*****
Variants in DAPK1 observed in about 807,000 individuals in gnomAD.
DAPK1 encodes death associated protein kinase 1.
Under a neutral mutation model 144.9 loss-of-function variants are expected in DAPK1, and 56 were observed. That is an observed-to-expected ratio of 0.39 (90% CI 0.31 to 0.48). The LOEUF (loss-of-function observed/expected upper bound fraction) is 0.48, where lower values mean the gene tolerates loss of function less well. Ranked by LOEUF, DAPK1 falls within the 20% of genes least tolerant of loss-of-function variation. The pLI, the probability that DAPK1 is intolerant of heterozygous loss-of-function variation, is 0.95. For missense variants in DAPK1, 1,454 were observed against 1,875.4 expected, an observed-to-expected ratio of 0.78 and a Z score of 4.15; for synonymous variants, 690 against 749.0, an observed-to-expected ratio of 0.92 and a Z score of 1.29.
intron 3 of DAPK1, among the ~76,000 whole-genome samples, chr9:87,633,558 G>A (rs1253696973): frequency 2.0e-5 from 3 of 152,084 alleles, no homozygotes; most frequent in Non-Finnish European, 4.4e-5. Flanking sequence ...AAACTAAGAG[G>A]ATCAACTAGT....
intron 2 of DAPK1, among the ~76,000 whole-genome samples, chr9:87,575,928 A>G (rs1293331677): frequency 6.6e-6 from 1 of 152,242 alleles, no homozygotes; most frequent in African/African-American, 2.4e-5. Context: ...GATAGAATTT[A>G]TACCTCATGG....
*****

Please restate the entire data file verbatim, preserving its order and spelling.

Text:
Variants in DAPK1 observed in about 807,000 individuals in gnomAD.
DAPK1 encodes death associated protein kinase 1.
Under a neutral mutation model 144.9 loss-of-function variants are expected in DAPK1, and 56 were observed. That is an observed-to-expected ratio of 0.39 (90% CI 0.31 to 0.48). The LOEUF (loss-of-function observed/expected upper bound fraction) is 0.48, where lower values mean the gene tolerates loss of function less well. Ranked by LOEUF, DAPK1 falls within the 20% of genes least tolerant of loss-of-function variation. The pLI, the probability that DAPK1 is intolerant of heterozygous loss-of-function variation, is 0.95. For missense variants in DAPK1, 1,454 were observed against 1,875.4 expected, an observed-to-expected ratio of 0.78 and a Z score of 4.15; for synonymous variants, 690 against 749.0, an observed-to-expected ratio of 0.92 and a Z score of 1.29.
intron 3 of DAPK1, among the ~76,000 whole-genome samples, chr9:87,633,558 G>A (rs1253696973): frequency 2.0e-5 from 3 of 152,084 alleles, no homozygotes; most frequent in Non-Finnish European, 4.4e-5. Flanking sequence ...AAACTAAGAG[G>A]ATCAACTAGT....
intron 2 of DAPK1, among the ~76,000 whole-genome samples, chr9:87,575,928 A>G (rs1293331677): frequency 6.6e-6 from 1 of 152,242 alleles, no homozygotes; most frequent in African/African-American, 2.4e-5. Context: ...GATAGAATTT[A>G]TACCTCATGG....